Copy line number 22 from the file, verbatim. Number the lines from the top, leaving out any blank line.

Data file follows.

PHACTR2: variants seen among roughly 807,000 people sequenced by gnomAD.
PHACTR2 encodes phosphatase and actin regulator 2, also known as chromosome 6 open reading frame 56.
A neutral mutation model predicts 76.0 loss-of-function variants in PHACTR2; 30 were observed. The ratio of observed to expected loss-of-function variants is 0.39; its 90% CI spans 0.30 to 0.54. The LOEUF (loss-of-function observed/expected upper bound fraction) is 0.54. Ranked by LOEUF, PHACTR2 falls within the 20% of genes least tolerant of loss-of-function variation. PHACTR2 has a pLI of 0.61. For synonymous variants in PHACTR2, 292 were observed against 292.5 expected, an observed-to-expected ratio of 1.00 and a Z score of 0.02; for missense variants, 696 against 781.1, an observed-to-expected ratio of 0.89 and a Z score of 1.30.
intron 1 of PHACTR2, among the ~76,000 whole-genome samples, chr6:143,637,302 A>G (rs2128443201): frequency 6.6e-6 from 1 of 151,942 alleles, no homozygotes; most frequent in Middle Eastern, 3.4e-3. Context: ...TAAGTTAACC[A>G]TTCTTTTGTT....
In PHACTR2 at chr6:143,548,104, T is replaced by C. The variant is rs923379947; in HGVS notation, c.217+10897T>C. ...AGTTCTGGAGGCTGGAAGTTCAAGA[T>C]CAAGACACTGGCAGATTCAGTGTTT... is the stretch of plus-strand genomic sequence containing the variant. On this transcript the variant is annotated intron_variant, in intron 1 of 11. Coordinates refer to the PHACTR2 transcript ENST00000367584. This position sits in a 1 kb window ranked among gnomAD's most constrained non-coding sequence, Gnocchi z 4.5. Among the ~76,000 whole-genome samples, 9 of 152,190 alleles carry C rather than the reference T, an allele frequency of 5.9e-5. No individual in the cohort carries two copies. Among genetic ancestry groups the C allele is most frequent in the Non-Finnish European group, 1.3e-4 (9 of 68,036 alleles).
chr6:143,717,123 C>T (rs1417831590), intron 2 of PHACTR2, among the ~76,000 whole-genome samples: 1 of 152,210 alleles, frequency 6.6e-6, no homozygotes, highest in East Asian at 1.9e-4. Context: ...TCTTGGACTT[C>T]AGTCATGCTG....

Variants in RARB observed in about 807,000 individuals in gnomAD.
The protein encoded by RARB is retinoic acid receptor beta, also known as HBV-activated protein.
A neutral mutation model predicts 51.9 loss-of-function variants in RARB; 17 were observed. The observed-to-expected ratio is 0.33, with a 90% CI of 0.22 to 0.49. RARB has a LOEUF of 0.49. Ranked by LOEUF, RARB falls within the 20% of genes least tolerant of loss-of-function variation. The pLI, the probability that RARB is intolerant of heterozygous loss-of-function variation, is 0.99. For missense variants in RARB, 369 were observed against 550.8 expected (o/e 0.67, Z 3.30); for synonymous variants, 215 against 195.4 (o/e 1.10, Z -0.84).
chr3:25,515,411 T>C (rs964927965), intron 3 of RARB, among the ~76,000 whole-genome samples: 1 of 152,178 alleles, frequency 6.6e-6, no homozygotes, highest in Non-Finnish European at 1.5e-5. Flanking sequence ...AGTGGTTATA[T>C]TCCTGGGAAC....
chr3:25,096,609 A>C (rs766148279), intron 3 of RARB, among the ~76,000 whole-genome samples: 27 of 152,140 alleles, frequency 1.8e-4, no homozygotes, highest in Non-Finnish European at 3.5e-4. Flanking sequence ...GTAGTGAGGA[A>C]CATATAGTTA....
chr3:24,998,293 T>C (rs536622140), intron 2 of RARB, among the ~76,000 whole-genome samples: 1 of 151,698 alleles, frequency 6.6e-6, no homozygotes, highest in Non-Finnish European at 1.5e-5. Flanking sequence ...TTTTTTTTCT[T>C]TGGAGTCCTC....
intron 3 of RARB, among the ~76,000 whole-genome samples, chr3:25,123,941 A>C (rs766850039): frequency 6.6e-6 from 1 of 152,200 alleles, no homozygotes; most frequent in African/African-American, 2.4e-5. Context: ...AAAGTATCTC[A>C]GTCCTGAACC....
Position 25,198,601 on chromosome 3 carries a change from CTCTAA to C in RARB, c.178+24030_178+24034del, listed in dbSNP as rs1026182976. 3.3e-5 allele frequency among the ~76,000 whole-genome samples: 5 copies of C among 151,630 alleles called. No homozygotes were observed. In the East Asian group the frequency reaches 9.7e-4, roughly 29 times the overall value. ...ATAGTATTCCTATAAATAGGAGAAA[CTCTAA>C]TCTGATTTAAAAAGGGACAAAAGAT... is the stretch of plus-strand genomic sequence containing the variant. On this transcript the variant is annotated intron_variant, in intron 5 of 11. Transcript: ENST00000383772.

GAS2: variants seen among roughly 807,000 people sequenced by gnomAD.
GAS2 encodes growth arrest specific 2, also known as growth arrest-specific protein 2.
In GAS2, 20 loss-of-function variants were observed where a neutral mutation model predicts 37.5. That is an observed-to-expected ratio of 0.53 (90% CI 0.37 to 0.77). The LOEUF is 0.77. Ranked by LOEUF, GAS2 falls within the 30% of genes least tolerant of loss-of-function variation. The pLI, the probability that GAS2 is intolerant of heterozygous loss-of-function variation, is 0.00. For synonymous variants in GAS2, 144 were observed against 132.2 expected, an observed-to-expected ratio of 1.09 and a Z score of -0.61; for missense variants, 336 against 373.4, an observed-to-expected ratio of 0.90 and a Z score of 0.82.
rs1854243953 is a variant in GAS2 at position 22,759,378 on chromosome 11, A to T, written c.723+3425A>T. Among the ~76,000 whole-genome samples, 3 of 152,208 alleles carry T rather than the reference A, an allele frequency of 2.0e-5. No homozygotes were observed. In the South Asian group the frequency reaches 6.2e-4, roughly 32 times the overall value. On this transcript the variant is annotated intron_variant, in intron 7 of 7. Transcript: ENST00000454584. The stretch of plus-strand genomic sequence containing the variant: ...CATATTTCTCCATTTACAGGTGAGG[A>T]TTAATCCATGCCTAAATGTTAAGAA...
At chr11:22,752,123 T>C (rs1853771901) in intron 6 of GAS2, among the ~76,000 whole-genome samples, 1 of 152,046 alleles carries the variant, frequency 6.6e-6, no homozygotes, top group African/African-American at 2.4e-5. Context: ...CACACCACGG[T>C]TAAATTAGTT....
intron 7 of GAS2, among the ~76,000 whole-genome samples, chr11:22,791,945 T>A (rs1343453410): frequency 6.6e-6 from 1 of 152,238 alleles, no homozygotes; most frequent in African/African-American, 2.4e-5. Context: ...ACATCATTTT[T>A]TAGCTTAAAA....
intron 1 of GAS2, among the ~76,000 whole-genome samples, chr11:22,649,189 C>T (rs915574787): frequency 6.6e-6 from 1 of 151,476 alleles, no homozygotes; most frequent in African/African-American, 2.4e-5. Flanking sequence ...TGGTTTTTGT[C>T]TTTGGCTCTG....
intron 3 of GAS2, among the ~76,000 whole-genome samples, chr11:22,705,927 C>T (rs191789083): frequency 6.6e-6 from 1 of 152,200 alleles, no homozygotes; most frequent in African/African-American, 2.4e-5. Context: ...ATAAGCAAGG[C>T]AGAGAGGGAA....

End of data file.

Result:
intron 3 of GAS2, among the ~76,000 whole-genome samples, chr11:22,705,927 C>T (rs191789083): frequency 6.6e-6 from 1 of 152,200 alleles, no homozygotes; most frequent in African/African-American, 2.4e-5. Context: ...ATAAGCAAGG[C>T]AGAGAGGGAA....